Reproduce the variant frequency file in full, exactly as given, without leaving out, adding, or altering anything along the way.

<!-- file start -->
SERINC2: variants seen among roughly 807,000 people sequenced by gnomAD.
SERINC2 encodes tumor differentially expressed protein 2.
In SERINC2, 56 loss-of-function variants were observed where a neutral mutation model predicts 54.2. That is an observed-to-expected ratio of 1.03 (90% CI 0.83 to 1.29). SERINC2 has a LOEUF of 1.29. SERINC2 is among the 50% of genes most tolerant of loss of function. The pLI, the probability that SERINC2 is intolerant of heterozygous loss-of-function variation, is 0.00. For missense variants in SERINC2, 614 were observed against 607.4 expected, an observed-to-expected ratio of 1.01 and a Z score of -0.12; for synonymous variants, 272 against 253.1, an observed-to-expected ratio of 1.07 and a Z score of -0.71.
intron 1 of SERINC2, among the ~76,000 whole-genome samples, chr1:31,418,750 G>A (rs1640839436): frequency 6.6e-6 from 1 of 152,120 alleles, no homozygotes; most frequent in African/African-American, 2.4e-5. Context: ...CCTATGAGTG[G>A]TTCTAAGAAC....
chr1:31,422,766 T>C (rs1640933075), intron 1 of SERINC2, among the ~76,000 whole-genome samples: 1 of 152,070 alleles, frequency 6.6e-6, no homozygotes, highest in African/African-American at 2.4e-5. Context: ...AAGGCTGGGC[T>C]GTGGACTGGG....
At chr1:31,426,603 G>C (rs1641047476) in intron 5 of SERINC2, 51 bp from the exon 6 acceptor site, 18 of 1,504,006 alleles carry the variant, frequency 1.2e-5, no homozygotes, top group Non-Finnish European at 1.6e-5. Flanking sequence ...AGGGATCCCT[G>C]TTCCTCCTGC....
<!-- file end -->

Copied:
SERINC2: variants seen among roughly 807,000 people sequenced by gnomAD.
SERINC2 encodes tumor differentially expressed protein 2.
In SERINC2, 56 loss-of-function variants were observed where a neutral mutation model predicts 54.2. That is an observed-to-expected ratio of 1.03 (90% CI 0.83 to 1.29). SERINC2 has a LOEUF of 1.29. SERINC2 is among the 50% of genes most tolerant of loss of function. The pLI, the probability that SERINC2 is intolerant of heterozygous loss-of-function variation, is 0.00. For missense variants in SERINC2, 614 were observed against 607.4 expected, an observed-to-expected ratio of 1.01 and a Z score of -0.12; for synonymous variants, 272 against 253.1, an observed-to-expected ratio of 1.07 and a Z score of -0.71.
intron 1 of SERINC2, among the ~76,000 whole-genome samples, chr1:31,418,750 G>A (rs1640839436): frequency 6.6e-6 from 1 of 152,120 alleles, no homozygotes; most frequent in African/African-American, 2.4e-5. Context: ...CCTATGAGTG[G>A]TTCTAAGAAC....
chr1:31,422,766 T>C (rs1640933075), intron 1 of SERINC2, among the ~76,000 whole-genome samples: 1 of 152,070 alleles, frequency 6.6e-6, no homozygotes, highest in African/African-American at 2.4e-5. Context: ...AAGGCTGGGC[T>C]GTGGACTGGG....
At chr1:31,426,603 G>C (rs1641047476) in intron 5 of SERINC2, 51 bp from the exon 6 acceptor site, 18 of 1,504,006 alleles carry the variant, frequency 1.2e-5, no homozygotes, top group Non-Finnish European at 1.6e-5. Flanking sequence ...AGGGATCCCT[G>C]TTCCTCCTGC....